One of the popular sayings among the churches that makes up the denomination that I belong to is: “All are welcome.” That statement is especially prevalent when it comes to the Lord’s Table where it is emphasized that everyone . . . all . . . are welcomed at the table of Jesus. The saying is so popular that many of the congregations within the denomination post it on their signs, put it on their publications, and announce it every Sunday morning when Holy Communion is served . . . all are welcome. It is a great concept . . . that all are welcomed. When practiced it is an excellent demonstration of inclusive love . . . welcoming love . . . of hospitality. Yet, I wonder: do we really believe it? Do we really live it?
Well, in all honesty . . . sometimes we get it right, sometimes we get it wrong, and most of the time we wallow somewhere between to the two. Because of this I am constantly challenging the congregation I serve . . . a congregation that has embraced the motto of “all are welcome” . . . to really wrestle with what this means. It means that everyone . . . every stinking, conceivable person . . . has a place at the table and a place in the lives of each of them. If they are good enough for Jesus, then they should be good enough for the congregation. Easier said than done.
It is not easy to love.
It is easier to believe that Jesus stepped up and willingly sacrificed himself so that I do not have to worry about it . . . that he spilt his blood so that I wouldn’t have to. I cannot buy into that belief because I do not think that is what Jesus taught and lived. What he taught and lived was love . . . an unbelievable, awesome, embracing, and inclusive love that drew everyone in . . . to show us the way. To show us the way to the Kingdom of God. Jesus never thought of that kingdom of being “pie in the sky” . . . no, it was a “kingdom” that was possible now in the present moment . . . if people believed, embraced, and lived love as he loved.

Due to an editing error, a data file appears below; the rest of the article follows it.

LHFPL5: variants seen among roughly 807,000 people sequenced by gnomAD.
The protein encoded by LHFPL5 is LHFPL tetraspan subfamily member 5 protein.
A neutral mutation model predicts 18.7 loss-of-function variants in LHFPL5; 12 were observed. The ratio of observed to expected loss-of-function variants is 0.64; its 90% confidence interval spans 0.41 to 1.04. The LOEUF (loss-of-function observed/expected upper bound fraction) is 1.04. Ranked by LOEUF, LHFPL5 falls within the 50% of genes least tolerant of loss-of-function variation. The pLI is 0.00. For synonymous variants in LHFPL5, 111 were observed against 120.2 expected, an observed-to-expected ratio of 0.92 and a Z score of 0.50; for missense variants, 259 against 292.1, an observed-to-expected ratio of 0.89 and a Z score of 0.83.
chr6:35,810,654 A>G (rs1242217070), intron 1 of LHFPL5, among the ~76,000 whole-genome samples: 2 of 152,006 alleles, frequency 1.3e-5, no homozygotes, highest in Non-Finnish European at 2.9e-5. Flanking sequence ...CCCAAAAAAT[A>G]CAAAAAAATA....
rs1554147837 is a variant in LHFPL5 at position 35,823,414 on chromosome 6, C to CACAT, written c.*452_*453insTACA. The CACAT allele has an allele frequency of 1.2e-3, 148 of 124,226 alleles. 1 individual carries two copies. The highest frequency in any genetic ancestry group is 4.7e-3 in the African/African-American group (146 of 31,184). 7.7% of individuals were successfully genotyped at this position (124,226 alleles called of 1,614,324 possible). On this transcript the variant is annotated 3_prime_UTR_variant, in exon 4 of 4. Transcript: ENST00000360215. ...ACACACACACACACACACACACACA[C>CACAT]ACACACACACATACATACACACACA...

But, we don’t get it.
Because we don’t get it we go through the same “song and dance” every year . . . with every generation. We nail Jesus to the cross and run to the tomb. What did the angel say? The angel said that he wasn’t there . . . and, he’s not! Jesus is not in the tomb. He is alive. He is living. He is living in us . . . and, we become the embodiment of Jesus in the world in which we live because we can love. That is the message of Easter . . . Jesus lives because we love.
I am not alone in having a difficult time with Good Friday. My experience as a pastor in a local congregation is that it is one of the poorest attended services because people just don’t want to deal with the richness of what the day represents in the spiritual journey. Even though I have a hard time with Good Friday, I appreciate what it represents, what it makes me think about. It gives me hope . . . not because I am sanctified by the blood, but that I have witnessed the greatest act of love . . . the willingness of another to lay down his life for another. It gives me hope that I, too, can learn to love in such a way . . . that the world may one day do so also.
Someday . . . we all just might get it. In the meantime all we can do is reflect . . . and, hope.